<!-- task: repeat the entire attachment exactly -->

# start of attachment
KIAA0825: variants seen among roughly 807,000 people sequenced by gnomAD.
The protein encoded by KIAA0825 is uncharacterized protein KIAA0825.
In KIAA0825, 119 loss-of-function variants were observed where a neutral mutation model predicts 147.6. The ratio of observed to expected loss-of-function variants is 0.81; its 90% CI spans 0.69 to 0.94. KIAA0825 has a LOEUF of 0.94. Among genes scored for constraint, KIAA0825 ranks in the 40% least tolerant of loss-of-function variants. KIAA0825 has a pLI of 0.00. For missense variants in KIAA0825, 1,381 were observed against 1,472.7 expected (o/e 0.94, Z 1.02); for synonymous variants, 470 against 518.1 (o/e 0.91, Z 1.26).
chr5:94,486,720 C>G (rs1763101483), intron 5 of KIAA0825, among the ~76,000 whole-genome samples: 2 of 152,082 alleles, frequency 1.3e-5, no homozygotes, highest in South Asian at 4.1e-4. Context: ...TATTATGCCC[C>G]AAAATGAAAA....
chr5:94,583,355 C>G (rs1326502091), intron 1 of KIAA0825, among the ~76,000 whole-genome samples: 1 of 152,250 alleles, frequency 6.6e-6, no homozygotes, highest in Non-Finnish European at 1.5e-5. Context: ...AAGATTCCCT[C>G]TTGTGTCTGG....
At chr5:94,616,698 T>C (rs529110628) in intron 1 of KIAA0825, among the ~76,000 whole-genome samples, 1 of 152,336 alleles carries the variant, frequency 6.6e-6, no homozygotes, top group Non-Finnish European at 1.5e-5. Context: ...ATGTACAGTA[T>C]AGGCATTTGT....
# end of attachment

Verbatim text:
KIAA0825: variants seen among roughly 807,000 people sequenced by gnomAD.
The protein encoded by KIAA0825 is uncharacterized protein KIAA0825.
In KIAA0825, 119 loss-of-function variants were observed where a neutral mutation model predicts 147.6. The ratio of observed to expected loss-of-function variants is 0.81; its 90% CI spans 0.69 to 0.94. KIAA0825 has a LOEUF of 0.94. Among genes scored for constraint, KIAA0825 ranks in the 40% least tolerant of loss-of-function variants. KIAA0825 has a pLI of 0.00. For missense variants in KIAA0825, 1,381 were observed against 1,472.7 expected (o/e 0.94, Z 1.02); for synonymous variants, 470 against 518.1 (o/e 0.91, Z 1.26).
chr5:94,486,720 C>G (rs1763101483), intron 5 of KIAA0825, among the ~76,000 whole-genome samples: 2 of 152,082 alleles, frequency 1.3e-5, no homozygotes, highest in South Asian at 4.1e-4. Context: ...TATTATGCCC[C>G]AAAATGAAAA....
chr5:94,583,355 C>G (rs1326502091), intron 1 of KIAA0825, among the ~76,000 whole-genome samples: 1 of 152,250 alleles, frequency 6.6e-6, no homozygotes, highest in Non-Finnish European at 1.5e-5. Context: ...AAGATTCCCT[C>G]TTGTGTCTGG....
At chr5:94,616,698 T>C (rs529110628) in intron 1 of KIAA0825, among the ~76,000 whole-genome samples, 1 of 152,336 alleles carries the variant, frequency 6.6e-6, no homozygotes, top group Non-Finnish European at 1.5e-5. Context: ...ATGTACAGTA[T>C]AGGCATTTGT....